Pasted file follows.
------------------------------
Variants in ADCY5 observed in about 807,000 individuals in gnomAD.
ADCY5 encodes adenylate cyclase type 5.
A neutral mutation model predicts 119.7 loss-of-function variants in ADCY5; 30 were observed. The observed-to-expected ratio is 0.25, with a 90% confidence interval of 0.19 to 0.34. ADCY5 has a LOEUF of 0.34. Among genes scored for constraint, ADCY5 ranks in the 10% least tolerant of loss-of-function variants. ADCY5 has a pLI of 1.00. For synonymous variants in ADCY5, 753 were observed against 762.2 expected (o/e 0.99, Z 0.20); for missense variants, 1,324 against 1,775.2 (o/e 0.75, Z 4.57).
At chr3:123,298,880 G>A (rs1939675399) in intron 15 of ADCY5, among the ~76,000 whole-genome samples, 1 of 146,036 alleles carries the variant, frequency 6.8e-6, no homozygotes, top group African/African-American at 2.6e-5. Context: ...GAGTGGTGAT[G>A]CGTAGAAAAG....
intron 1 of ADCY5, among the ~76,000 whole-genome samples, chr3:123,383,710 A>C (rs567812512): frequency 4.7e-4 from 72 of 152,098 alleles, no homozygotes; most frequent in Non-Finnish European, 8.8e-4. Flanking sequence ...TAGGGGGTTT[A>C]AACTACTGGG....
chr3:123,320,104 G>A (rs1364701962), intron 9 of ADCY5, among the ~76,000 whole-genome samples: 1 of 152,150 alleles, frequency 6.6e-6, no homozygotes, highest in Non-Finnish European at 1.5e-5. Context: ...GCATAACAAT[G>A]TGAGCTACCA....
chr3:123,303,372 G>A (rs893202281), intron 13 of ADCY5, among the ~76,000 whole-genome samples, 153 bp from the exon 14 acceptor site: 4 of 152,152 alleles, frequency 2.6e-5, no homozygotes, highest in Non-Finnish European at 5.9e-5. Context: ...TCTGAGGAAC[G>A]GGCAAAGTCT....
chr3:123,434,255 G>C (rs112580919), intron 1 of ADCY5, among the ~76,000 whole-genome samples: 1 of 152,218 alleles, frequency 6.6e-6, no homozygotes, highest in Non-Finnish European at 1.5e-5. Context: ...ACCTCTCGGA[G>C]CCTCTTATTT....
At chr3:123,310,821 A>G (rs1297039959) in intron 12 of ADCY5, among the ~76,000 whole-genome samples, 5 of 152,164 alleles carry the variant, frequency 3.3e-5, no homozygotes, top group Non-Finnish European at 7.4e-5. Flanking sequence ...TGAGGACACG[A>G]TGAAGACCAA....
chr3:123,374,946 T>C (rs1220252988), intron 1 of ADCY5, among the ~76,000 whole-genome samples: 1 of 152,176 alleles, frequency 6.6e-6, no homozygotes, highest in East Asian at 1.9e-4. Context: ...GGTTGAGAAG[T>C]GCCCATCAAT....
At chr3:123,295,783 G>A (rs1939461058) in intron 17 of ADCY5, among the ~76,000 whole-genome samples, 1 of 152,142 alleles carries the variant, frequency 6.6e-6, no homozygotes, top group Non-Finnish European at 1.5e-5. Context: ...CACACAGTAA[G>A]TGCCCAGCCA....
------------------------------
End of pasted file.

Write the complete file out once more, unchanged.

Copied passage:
Variants in ADCY5 observed in about 807,000 individuals in gnomAD.
ADCY5 encodes adenylate cyclase type 5.
A neutral mutation model predicts 119.7 loss-of-function variants in ADCY5; 30 were observed. The observed-to-expected ratio is 0.25, with a 90% confidence interval of 0.19 to 0.34. ADCY5 has a LOEUF of 0.34. Among genes scored for constraint, ADCY5 ranks in the 10% least tolerant of loss-of-function variants. ADCY5 has a pLI of 1.00. For synonymous variants in ADCY5, 753 were observed against 762.2 expected (o/e 0.99, Z 0.20); for missense variants, 1,324 against 1,775.2 (o/e 0.75, Z 4.57).
At chr3:123,298,880 G>A (rs1939675399) in intron 15 of ADCY5, among the ~76,000 whole-genome samples, 1 of 146,036 alleles carries the variant, frequency 6.8e-6, no homozygotes, top group African/African-American at 2.6e-5. Context: ...GAGTGGTGAT[G>A]CGTAGAAAAG....
intron 1 of ADCY5, among the ~76,000 whole-genome samples, chr3:123,383,710 A>C (rs567812512): frequency 4.7e-4 from 72 of 152,098 alleles, no homozygotes; most frequent in Non-Finnish European, 8.8e-4. Flanking sequence ...TAGGGGGTTT[A>C]AACTACTGGG....
chr3:123,320,104 G>A (rs1364701962), intron 9 of ADCY5, among the ~76,000 whole-genome samples: 1 of 152,150 alleles, frequency 6.6e-6, no homozygotes, highest in Non-Finnish European at 1.5e-5. Context: ...GCATAACAAT[G>A]TGAGCTACCA....
chr3:123,303,372 G>A (rs893202281), intron 13 of ADCY5, among the ~76,000 whole-genome samples, 153 bp from the exon 14 acceptor site: 4 of 152,152 alleles, frequency 2.6e-5, no homozygotes, highest in Non-Finnish European at 5.9e-5. Context: ...TCTGAGGAAC[G>A]GGCAAAGTCT....
chr3:123,434,255 G>C (rs112580919), intron 1 of ADCY5, among the ~76,000 whole-genome samples: 1 of 152,218 alleles, frequency 6.6e-6, no homozygotes, highest in Non-Finnish European at 1.5e-5. Context: ...ACCTCTCGGA[G>C]CCTCTTATTT....
At chr3:123,310,821 A>G (rs1297039959) in intron 12 of ADCY5, among the ~76,000 whole-genome samples, 5 of 152,164 alleles carry the variant, frequency 3.3e-5, no homozygotes, top group Non-Finnish European at 7.4e-5. Flanking sequence ...TGAGGACACG[A>G]TGAAGACCAA....
chr3:123,374,946 T>C (rs1220252988), intron 1 of ADCY5, among the ~76,000 whole-genome samples: 1 of 152,176 alleles, frequency 6.6e-6, no homozygotes, highest in East Asian at 1.9e-4. Context: ...GGTTGAGAAG[T>C]GCCCATCAAT....
At chr3:123,295,783 G>A (rs1939461058) in intron 17 of ADCY5, among the ~76,000 whole-genome samples, 1 of 152,142 alleles carries the variant, frequency 6.6e-6, no homozygotes, top group Non-Finnish European at 1.5e-5. Context: ...CACACAGTAA[G>A]TGCCCAGCCA....